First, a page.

Mitral Valve Prolapse (MVP)

  • Medical Author:
    Daniel Lee Kulick, MD, FACC, FSCAI

    Dr. Kulick received his undergraduate and medical degrees from the University of Southern California, School of Medicine. He performed his residency in internal medicine at the Harbor-University of California Los Angeles Medical Center and a fellowship in the section of cardiology at the Los Angeles County-University of Southern California Medical Center. He is board certified in Internal Medicine and Cardiology.

  • Medical Editor: Melissa Conrad Stöppler, MD
    Melissa Conrad Stöppler, MD

    Melissa Conrad Stöppler, MD

    Melissa Conrad Stöppler, MD, is a U.S. board-certified Anatomic Pathologist with subspecialty training in the fields of Experimental and Molecular Pathology. Dr. Stöppler's educational background includes a BA with Highest Distinction from the University of Virginia and an MD from the University of North Carolina. She completed residency training in Anatomic Pathology at Georgetown University followed by subspecialty fellowship training in molecular diagnostics and experimental pathology.

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What is the treatment for mitral valve prolapse?

The vast majority of patients with mitral valve prolapse have an excellent prognosis and need no treatment. For these individuals, routine examinations including echocardiograms every few years may suffice. Mitral regurgitation in patients with mitral valve prolapse can lead to heart failure, heart enlargement, and abnormal rhythms. Therefore, those patients with mitral valve prolapse and regurgitation are often evaluated annually. Since valve infection, endocarditis, is a rare, but potentially serious complication of mitral valve prolapse, patients with mitral valve prolapse are usually given antibiotics prior to any procedure that can introduce bacteria into the bloodstream. These procedures include routine dental work, minor surgery, and procedures that can traumatize body tissues such as colonoscopy or gynecologic or urologic examinations. Examples of antibiotics used include oral amoxicillin and erythromycin as well as intramuscular or intravenous ampicillin, gentamycin, and vancomycin.

Patients with severe prolapse, abnormal heart rhythms, fainting spells, significant palpitations, chest pain, and anxiety attacks may need treatment. Beta-blockers, such as atenolol (Tenormin), metoprolol (Lopressor), and propranolol (Inderal), are the drugs of choice. These act by increasing the size of the left ventricle, thereby reducing the degree of prolapse. The calcium blockers verapamil (Calan) and diltiazem (Cardizem) are useful in patients who cannot tolerate beta-blockers.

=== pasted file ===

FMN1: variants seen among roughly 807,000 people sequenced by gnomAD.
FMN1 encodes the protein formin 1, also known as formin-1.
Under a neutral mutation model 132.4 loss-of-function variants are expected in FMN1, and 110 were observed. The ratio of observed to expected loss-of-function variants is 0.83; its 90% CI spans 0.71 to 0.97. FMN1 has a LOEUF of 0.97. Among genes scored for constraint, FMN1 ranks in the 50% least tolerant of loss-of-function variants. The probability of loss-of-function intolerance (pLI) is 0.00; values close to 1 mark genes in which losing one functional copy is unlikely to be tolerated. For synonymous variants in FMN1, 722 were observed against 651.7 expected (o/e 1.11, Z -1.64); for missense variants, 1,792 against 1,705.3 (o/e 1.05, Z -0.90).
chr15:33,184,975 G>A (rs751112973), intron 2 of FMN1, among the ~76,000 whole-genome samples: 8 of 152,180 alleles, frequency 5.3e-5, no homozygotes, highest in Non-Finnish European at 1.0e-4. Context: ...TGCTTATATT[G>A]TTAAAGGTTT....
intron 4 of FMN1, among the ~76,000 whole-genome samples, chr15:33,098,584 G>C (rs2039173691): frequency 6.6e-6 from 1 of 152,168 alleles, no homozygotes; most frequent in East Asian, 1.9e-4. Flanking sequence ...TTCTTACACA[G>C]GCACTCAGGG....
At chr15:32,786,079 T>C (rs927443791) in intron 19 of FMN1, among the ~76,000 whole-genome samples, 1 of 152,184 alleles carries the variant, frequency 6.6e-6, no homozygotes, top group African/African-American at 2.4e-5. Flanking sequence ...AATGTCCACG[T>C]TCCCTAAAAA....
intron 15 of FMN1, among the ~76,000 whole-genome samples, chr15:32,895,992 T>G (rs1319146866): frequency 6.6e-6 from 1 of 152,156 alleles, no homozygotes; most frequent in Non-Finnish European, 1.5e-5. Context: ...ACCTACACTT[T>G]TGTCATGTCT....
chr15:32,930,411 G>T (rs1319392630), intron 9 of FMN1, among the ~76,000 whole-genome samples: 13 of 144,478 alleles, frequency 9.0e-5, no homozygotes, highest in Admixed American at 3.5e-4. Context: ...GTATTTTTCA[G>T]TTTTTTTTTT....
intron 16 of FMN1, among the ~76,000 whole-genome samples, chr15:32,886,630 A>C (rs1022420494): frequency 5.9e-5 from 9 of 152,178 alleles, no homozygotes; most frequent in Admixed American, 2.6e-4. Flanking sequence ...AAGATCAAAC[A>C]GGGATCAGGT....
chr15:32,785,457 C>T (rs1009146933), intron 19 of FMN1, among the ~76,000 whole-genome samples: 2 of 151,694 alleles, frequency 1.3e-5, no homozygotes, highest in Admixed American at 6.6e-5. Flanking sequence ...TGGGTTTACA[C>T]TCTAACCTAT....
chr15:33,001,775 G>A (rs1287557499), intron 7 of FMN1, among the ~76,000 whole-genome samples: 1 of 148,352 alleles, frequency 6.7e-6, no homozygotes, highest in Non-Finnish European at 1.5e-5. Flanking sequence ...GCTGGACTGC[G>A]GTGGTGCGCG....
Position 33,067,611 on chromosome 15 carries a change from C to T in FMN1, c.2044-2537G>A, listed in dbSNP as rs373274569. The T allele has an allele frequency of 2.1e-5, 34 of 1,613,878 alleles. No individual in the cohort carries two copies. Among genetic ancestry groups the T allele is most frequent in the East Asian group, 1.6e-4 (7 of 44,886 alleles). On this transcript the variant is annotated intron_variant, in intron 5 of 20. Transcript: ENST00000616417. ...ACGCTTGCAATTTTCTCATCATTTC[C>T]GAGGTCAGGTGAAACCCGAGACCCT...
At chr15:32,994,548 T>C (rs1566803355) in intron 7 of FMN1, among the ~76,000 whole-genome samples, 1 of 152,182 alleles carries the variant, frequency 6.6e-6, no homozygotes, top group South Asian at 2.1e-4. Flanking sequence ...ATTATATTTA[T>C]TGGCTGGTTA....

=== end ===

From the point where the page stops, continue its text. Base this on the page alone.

Although most patients with mitral valve prolapse require no treatment or treatment with oral medications, in very rare cases, surgery (mitral valve replacement or repair) may be required. Patients who require surgery usually have severe mitral regurgitation causing worsening heart failure and progressive heart enlargement. Rarely, rupture of one or more chordae can cause sudden, severe mitral regurgitation and heart failure requiring surgical repair. Mitral valve repair is preferable, if possible, to mitral valve replacement as the surgical treatment for mitral valve regurgitation. After mitral valve replacement, lifelong blood thinning medications are necessary to prevent blood from clotting on the artificial valves. After mitral valve repair, these blood thinning medications are unnecessary. Because of the success of valve repair, it is being performed earlier in patients with mitral regurgitation, thus reducing the risk of abnormal heart rhythms and heart failure.

Rare patients with mitral valve prolapse may suffer strokes because of increased blood clotting. These patients can be treated with a combination of a blood thinner (anticoagulant) and a beta-blocker.

Again, although patients with mitral valve prolapse may experience a variety of complications, most have no symptoms and can lead healthy, active, and normal lives.

It must be emphasized that the overwhelming majority of patients with symptoms of mitral valve prolapse have bothersome but not life-threatening problems, and only a very small minority of patients go on to need surgery or other aggressive therapies. Also, the symptoms may be very episodic, and come in waves and then disappear for some time. They may be aggravated by stress, pregnancy, fatigue, other illnesses, or menstrual cycles.

Medically reviewed by Robert J. Bryg, MD; Board Certified Internal Medicine with subspecialty in Cardiovascular Disease

REFERENCE:

Bonow, Robert O., et al. Braunwald's Heart Disease: A Textbook of Cardiovascular Medicine. 9th ed. Elsevier Saunders, 2012.

Medically Reviewed by a Doctor on 11/9/2015

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